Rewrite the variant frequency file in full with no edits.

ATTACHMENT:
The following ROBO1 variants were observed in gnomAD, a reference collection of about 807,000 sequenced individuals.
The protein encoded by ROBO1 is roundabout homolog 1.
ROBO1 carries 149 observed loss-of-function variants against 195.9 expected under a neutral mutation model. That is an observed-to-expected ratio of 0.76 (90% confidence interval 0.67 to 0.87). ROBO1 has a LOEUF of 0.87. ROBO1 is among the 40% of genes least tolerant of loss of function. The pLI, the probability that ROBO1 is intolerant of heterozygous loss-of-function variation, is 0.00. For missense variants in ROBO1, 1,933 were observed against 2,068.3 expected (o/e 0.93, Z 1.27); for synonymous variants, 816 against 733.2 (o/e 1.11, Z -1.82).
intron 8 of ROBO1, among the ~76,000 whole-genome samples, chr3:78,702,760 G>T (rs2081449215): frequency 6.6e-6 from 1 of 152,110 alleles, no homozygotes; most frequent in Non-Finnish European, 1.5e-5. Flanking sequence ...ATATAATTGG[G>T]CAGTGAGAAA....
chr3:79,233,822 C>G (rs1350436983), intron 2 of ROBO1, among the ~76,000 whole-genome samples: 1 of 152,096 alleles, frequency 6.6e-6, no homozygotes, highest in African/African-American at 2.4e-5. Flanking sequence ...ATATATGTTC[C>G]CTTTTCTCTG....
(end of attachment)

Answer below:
The following ROBO1 variants were observed in gnomAD, a reference collection of about 807,000 sequenced individuals.
The protein encoded by ROBO1 is roundabout homolog 1.
ROBO1 carries 149 observed loss-of-function variants against 195.9 expected under a neutral mutation model. That is an observed-to-expected ratio of 0.76 (90% confidence interval 0.67 to 0.87). ROBO1 has a LOEUF of 0.87. ROBO1 is among the 40% of genes least tolerant of loss of function. The pLI, the probability that ROBO1 is intolerant of heterozygous loss-of-function variation, is 0.00. For missense variants in ROBO1, 1,933 were observed against 2,068.3 expected (o/e 0.93, Z 1.27); for synonymous variants, 816 against 733.2 (o/e 1.11, Z -1.82).
intron 8 of ROBO1, among the ~76,000 whole-genome samples, chr3:78,702,760 G>T (rs2081449215): frequency 6.6e-6 from 1 of 152,110 alleles, no homozygotes; most frequent in Non-Finnish European, 1.5e-5. Flanking sequence ...ATATAATTGG[G>T]CAGTGAGAAA....
chr3:79,233,822 C>G (rs1350436983), intron 2 of ROBO1, among the ~76,000 whole-genome samples: 1 of 152,096 alleles, frequency 6.6e-6, no homozygotes, highest in African/African-American at 2.4e-5. Flanking sequence ...ATATATGTTC[C>G]CTTTTCTCTG....